• I'd love to go to Korea, but I don't speak Korean.

It's not always necessary to speak the language of the country you'd like to go to, because at our partner universities, many courses are taught in English!

  • I don't want to have to retake the year at uB after my exchange period.

As long as you pass all your courses at the partner university and obtain the sufficient amount of ECTS credits, studying abroad is not a waste of time – uB will recognise the credits from your exchange, and you will receive your uB diploma at the end of the academic year, provided that you pass your exams.

  • But it's only language students who can go abroad.

Not true! uB has over 800 international agreements covering all disciplines. Every student at uB has a chance to go abroad, regardless of what they study. Even if you're unable to do an exchange because of the structure of your study programme at uB, you can still do an internship abroad!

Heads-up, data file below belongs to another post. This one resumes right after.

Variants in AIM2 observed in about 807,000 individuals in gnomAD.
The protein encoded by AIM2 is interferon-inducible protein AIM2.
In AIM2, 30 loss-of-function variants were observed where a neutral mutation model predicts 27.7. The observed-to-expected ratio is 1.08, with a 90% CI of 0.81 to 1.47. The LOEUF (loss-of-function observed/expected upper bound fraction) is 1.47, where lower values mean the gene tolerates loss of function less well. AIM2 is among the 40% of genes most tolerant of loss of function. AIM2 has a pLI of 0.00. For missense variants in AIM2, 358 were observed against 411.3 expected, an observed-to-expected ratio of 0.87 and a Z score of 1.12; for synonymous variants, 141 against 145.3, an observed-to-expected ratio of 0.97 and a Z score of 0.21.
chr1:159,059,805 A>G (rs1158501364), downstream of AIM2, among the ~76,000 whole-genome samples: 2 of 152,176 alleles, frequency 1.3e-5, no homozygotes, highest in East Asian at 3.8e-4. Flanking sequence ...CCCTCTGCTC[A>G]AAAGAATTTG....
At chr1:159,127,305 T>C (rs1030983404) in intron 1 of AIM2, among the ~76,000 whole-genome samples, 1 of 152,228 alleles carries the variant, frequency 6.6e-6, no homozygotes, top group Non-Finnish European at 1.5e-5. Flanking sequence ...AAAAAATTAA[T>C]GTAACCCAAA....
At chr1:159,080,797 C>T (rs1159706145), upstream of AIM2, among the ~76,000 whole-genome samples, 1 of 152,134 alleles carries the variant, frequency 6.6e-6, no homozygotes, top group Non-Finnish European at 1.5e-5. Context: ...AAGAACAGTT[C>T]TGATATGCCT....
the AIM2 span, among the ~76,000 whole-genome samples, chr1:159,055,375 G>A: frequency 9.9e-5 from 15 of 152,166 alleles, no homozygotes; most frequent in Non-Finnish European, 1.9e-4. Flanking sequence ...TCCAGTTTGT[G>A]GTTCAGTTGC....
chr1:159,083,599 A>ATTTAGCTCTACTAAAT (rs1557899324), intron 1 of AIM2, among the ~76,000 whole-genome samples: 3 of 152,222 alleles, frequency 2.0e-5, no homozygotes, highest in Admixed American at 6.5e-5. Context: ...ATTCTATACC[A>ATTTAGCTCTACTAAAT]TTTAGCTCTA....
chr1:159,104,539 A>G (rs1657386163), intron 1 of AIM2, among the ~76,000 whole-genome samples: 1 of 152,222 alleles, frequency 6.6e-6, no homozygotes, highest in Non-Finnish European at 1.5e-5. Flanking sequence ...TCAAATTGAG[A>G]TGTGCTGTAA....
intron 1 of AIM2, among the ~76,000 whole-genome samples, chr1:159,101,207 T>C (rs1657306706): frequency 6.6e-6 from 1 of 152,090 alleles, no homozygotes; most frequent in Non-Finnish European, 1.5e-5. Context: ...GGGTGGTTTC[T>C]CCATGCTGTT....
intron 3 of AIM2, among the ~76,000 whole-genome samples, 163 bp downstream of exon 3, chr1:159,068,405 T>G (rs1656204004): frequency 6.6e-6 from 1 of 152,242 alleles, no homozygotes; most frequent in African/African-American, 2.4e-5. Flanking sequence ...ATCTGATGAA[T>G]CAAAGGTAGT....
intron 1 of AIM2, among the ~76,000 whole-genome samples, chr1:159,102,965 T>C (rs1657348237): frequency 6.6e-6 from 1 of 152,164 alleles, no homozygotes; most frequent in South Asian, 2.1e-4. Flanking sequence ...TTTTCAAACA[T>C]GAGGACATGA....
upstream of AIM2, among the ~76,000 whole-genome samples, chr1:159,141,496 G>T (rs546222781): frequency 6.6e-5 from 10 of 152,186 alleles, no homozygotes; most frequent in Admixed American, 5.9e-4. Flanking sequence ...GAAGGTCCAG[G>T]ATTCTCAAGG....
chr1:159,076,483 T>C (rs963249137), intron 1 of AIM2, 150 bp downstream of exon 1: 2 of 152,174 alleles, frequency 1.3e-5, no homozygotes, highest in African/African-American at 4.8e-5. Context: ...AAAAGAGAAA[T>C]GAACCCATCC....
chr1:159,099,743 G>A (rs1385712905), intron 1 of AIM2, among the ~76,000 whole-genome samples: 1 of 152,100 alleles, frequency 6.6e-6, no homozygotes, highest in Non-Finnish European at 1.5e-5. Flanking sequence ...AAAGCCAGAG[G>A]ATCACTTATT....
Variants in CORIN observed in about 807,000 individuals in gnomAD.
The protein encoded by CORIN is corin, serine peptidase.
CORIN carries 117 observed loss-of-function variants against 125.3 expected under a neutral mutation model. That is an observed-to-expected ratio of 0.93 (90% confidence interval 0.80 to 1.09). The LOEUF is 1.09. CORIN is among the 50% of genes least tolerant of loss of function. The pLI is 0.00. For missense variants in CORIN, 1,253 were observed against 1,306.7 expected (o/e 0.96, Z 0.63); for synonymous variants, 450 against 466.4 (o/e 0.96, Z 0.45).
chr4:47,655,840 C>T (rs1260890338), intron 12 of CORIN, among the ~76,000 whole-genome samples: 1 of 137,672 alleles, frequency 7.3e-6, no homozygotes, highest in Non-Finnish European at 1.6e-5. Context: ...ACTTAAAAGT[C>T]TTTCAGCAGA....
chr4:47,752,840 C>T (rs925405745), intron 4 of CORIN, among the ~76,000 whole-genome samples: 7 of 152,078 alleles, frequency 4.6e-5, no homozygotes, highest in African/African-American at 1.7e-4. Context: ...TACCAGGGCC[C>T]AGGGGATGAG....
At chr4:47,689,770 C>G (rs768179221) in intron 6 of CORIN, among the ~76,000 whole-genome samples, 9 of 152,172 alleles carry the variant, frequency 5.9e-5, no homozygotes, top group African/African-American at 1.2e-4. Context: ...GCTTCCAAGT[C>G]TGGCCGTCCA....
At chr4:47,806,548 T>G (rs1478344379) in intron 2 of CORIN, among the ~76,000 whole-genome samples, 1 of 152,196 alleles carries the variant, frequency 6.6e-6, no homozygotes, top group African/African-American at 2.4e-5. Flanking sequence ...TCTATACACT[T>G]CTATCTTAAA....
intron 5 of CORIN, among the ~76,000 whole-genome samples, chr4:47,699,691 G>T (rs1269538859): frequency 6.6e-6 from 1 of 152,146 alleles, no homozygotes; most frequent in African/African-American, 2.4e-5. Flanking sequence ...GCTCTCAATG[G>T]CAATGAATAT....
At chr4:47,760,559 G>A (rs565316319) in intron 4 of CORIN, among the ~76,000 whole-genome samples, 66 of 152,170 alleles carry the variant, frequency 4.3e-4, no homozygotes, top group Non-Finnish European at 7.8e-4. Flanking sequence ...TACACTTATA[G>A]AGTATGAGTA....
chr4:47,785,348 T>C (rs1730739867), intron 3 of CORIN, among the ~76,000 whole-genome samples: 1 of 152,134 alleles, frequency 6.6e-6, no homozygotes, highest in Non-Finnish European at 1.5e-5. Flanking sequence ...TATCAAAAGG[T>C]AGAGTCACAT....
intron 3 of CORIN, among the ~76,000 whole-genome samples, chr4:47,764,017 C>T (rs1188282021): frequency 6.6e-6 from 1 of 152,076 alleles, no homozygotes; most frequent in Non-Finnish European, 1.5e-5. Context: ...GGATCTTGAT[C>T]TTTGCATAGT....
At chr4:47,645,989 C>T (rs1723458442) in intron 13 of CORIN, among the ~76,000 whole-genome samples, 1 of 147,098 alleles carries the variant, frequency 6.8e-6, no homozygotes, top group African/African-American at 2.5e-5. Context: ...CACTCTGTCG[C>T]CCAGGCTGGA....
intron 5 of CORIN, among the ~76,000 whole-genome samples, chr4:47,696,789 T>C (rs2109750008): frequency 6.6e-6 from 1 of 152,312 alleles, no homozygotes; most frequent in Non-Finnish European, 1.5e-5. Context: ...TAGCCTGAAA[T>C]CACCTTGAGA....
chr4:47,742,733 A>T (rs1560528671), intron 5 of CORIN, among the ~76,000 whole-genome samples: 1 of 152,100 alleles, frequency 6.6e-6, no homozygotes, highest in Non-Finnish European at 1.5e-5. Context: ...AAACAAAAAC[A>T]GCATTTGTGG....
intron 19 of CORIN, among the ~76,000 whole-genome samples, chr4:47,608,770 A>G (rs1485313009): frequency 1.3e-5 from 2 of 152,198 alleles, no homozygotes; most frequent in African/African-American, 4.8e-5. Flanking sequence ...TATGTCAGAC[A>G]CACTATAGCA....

• It's already hard to study in France – how on Earth am I going to study in a foreign language that's neither French nor English? I'm really worried that I won't pass my year abroad!

If you keep up with your coursework, participate in class, and make the necessary effort, you should have no problem passing the year. After a few weeks of adjusting, you will quickly get used to the new language. It's about finding the right balance between your studies and free time. If you really feel concerned that you might struggle to pass, talk to your coordinator at uB and at your host institution to find a solution before it's too late. Lastly, it's always possible to end your stay abroad and finish the semester in France without being penalised. To reassure you, it's worth noting that there are very few students who don't pass their year abroad. If you are struggling to pass in France, your exchange coordinator will knowingly advise against you going abroad to prevent you from facing such a situation. However, if you regularly pass your courses while in France, there's no reason you won't be eligible for international mobility – don't put up barriers for yourself! Apply, and your coordinator (or whoever is in charge of your study programme) will be the judge of your capability to study abroad!